11 December, 2008


I was away on holidays two weeks ago and I had a lovely time. I got to thinking about the need people have for holidays, especially those people in our society who would never have an opportunity for a holiday.
People like a single mum who lives on Centrelink benefits or a person suffering from severe mental health issues who lives in a boarding house.

The more I thought about the situation the clearer the solution became in my mind, so I thought I would share it with you incomplete though it is.

I saw an organisation (or a church, or a wealthy family, etc.) purchasing an accommodation facility at a semi-popular tourist destination. Not too popular as the entertainment and food in the town might be too expensive for the clientele. The venue would be run as a retreat centre for people in need of a low cost holiday. Because the venture needs to be profitable it would also need to cater for business retreats and conventions as a revenue-raising side business. This would also ensure that the accommodation and food is of a quality standard, rather than a slap dash charity deal.

Being a retreat centre it would offer a range of activities for people who might not otherwise know how to organise their own holiday. It would offer free children's activities and a crèche so parents are able to have a day or two to themselves. Of course it would offer opportunities for spiritual reflection and guided retreats.

The retreat would be staffed by local people who were being reskilled and retrained after long term unemployment. It could also offer opportunities to people returning to the workforce from situations that might otherwise make it difficult to get employment, e.g.. mental health issues or prison. If the manager/owner was savvy enough then this could be facilitated by Job Network funding or Work for the Dole programs.

Obviously people would need to be referred to the retreat centre and there would be a rule that the person who refers someone has to accompany them on their holiday. Imagine a social worker relaxing on the beach with a client. A church family joining a family from their local community to wander through the bush and enjoy God’s creation together. By charging people a percentage of their income this would also help to make the venture more economically viable.

Obviously there are a number of issues that would need to be worked out but I am sure there are people reading this blog who are entrepreneurial enough to work through them.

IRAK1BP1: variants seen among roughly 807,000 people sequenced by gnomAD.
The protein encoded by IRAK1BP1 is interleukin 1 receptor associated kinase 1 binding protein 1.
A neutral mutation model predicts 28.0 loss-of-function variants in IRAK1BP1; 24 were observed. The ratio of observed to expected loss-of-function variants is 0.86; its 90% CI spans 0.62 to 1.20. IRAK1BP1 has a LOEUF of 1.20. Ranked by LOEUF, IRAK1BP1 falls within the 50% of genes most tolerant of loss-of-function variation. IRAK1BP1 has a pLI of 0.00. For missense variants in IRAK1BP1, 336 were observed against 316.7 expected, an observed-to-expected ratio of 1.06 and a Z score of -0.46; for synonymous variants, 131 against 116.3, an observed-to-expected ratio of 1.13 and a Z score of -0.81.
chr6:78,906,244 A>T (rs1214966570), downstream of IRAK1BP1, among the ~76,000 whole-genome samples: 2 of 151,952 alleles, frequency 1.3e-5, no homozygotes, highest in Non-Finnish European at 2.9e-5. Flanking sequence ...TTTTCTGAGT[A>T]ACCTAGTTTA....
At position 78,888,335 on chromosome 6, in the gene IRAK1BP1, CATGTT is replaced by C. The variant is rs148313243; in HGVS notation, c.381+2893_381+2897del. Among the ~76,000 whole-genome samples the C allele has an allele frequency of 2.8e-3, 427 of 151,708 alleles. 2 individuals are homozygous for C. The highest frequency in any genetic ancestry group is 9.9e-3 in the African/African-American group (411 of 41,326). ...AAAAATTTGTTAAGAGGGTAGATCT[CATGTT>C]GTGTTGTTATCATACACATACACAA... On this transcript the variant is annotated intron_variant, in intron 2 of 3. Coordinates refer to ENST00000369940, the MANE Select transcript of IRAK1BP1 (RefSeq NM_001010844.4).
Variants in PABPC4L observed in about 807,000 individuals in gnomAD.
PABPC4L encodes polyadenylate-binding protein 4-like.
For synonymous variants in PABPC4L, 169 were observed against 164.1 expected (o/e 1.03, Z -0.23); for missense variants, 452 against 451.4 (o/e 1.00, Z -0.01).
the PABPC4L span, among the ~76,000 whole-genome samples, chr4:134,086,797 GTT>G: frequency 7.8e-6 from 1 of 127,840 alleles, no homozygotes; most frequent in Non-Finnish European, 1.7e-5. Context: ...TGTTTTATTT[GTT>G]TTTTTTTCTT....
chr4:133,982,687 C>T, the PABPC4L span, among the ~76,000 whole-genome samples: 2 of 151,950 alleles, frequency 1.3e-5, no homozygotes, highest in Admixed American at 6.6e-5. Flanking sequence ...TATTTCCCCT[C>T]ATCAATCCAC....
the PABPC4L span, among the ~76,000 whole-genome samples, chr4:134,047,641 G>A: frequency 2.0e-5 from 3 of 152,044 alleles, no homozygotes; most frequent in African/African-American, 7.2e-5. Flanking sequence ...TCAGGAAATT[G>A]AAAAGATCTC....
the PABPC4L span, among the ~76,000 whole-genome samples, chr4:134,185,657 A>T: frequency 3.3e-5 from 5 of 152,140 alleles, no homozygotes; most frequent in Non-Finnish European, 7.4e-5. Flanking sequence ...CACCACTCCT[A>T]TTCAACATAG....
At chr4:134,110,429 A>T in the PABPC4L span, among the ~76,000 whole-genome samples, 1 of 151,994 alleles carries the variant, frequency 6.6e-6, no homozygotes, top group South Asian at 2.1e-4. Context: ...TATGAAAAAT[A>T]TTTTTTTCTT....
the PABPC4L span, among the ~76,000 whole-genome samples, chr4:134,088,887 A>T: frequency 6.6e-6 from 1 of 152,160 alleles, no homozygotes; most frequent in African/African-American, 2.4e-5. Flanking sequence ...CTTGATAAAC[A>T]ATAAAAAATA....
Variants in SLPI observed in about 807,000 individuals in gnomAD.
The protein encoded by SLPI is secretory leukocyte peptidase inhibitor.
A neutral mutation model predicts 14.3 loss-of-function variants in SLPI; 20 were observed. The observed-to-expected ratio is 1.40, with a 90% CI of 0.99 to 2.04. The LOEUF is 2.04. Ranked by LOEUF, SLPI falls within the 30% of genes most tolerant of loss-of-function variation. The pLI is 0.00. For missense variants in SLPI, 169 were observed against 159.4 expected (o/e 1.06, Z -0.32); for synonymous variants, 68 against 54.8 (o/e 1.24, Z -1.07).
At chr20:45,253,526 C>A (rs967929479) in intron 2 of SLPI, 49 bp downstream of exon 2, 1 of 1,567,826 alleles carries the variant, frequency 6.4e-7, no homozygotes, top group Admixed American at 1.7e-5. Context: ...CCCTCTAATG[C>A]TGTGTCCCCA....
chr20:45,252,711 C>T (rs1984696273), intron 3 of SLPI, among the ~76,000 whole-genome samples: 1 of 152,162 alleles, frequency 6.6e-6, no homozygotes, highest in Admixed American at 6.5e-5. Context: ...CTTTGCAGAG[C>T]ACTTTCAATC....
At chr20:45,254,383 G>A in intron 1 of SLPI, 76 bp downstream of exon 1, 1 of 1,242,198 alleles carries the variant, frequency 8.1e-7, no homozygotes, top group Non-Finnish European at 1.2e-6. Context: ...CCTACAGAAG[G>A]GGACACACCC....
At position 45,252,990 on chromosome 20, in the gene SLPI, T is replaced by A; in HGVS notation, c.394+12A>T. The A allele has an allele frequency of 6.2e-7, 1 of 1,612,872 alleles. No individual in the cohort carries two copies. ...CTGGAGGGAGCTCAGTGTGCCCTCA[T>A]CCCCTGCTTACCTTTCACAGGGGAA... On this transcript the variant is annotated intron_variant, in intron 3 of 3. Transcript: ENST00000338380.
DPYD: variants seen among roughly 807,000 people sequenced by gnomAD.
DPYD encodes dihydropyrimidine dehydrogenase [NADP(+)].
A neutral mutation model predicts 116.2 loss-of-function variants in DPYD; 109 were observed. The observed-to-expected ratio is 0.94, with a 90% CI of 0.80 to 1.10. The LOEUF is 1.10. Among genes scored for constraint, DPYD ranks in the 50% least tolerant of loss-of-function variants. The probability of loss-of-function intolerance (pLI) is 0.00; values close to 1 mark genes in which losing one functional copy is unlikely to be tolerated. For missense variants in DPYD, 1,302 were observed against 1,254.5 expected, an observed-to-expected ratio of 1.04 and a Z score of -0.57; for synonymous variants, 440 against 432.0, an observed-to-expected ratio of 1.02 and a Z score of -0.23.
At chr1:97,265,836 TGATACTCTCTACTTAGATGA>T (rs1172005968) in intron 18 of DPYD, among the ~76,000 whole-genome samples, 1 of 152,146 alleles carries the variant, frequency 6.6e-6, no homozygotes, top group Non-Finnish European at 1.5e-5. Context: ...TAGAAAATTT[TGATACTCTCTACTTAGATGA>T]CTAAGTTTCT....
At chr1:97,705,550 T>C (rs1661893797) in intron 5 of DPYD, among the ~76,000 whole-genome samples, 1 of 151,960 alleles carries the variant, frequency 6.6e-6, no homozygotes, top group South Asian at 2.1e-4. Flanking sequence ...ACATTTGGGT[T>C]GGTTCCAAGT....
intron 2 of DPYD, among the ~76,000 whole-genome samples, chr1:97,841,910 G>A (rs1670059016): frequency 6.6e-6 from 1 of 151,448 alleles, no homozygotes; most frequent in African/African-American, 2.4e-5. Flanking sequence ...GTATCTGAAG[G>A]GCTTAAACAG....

Wouldn’t a place like that be an example of the kingdom of God breaking into our world?

PS. sorry for the long break in posts.


armybarmy said...

awesome vision Liam. Actually, we did something like this for women who had been prostituted in vancouver.. now one is going in London as well. Basically it's a three day retreat (top of the line) that is about refreshment, relaxing and love... it's a full blown holiday package offered free of charge to those who need it most. To witness it unfold is like watching the Kingdom of God... it's incredible. i say let's do it!!

Anonymous said...

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Anonymous said...

Yes a glimpse of the kingdom of God, as this vision could only be realized through God's power.

I like the concepts of holidays for those who may otherwise miss out!

I like the challenge of addressing unemployment and reintergration into the work force.

Big challenges! Big ideas, not sure how it all comes together but I think the kingdom of God is beyond what we can comprehend.


JUSTsalvos said...

I like it Liam! Though could the social worker traveling with the client would be down graded to optional? I am not thinking of the social worker, I am thinking of the client. I think they might want a little space from their worker? It could be seen as patriarchal? But I'll go with my Ressie families! Sign me up!

Liam said...


I agree about the patriarchal aspect of the social worker attending. I was thinking in more of a visionary ideal, like the Lion and the Lamb laying down together.

It challenges the professional / client mentality and asks the 'professional' to relate on a non-professional basis. I think some professional social workers might struggle in those shoes and others would flourish.